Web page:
Somebody remarked recently that we talk more and more and communicate less and less. The saying of Jesus, “Let your yes be yes and your no be no” (Matthew 5:37) seems forgotten in the torrent of words which people use. Earlier this week I heard a representative of one of the utility companies say on the radio, “We’re working around the proximity of their location”, by which I think he meant, “We’re working close to their homes.” Why do people do it – why do they talk in this convoluted way?
Often it is to obscure meaning, because if they used simple words, people would immediately grasp that something dreadful was going on. Thus we have the “quantitative easing” which means that the Bank of England is printing money: and in the past we’ve been told that that leads to a fatal spiral of inflation. But somehow “quantitative easing” doesn’t sound so awful, if indeed it sounds like anything at all. “Friendly fire” is another one, which means that you’ve killed people on your own side.
Last week a friend who works for a Catholic charity giving advice to women thinking about abortion told me something startling. Some doctors will ask a woman if her pregnancy is ‘wanted’. If the answer is ‘yes’ they then continue speaking about the ‘baby’ which she is carrying. If the answer is ‘no’ then they speak about the ‘foetus’.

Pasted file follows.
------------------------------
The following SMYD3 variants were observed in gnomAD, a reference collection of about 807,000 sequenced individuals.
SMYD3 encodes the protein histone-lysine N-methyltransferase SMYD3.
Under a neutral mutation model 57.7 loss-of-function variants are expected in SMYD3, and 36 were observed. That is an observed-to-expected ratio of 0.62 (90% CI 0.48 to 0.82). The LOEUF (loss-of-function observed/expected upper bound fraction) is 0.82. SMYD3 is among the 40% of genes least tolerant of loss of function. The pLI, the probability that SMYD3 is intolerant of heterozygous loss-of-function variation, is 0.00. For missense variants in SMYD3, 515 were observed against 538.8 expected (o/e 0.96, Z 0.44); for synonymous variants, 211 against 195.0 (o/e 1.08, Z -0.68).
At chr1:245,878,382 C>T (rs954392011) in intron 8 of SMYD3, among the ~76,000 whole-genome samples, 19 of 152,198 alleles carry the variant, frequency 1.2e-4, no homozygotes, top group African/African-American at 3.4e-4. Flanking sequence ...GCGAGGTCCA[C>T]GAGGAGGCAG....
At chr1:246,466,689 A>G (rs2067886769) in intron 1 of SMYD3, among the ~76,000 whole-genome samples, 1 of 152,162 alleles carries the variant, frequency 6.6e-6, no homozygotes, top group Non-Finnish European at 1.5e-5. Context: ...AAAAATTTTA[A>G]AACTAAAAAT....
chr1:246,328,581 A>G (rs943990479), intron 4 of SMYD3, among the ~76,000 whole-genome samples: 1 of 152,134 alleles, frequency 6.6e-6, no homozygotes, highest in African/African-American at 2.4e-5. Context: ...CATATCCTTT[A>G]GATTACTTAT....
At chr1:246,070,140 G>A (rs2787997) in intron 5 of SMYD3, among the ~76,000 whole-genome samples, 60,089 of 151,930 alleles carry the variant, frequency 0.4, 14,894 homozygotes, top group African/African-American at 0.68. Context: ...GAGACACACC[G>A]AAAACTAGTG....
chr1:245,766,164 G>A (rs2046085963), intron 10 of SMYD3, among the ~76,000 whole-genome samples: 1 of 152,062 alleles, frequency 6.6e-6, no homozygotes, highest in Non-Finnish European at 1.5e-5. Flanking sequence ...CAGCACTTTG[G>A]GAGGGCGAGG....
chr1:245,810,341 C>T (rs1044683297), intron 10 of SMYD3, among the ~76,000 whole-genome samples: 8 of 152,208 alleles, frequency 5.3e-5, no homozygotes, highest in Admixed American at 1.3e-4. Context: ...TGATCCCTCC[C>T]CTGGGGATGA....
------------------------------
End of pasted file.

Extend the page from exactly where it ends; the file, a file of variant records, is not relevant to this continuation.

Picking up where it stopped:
This week we’ve heard quite a lot about the abuse of ‘children’. We hardly ever use this word nowadays. It’s ‘kids’ or ‘young people’. Certainly the music and fashion world – “youth culture” – would never use the ‘children’ word, because it wants to project an image of grown-up sophistication for its young customers. ‘Children’ is just not sexy! That is, until these poor ‘kids’ fall into the hands of adults who use and abuse them, and destroy their innocence of youth (what’s left of it) and dump them, probably damaged for life. Then they are children, and apparently they have been ‘let down’ by social workers, police, school …. though we don’t seem to hear much about being let down by parents? Perhaps if we continued to call children ‘children’ until they are ‘adults’ we might be more horrified about how we allow the young to be exploited on a day to day basis long before some dreadful case of abuse hits the headlines.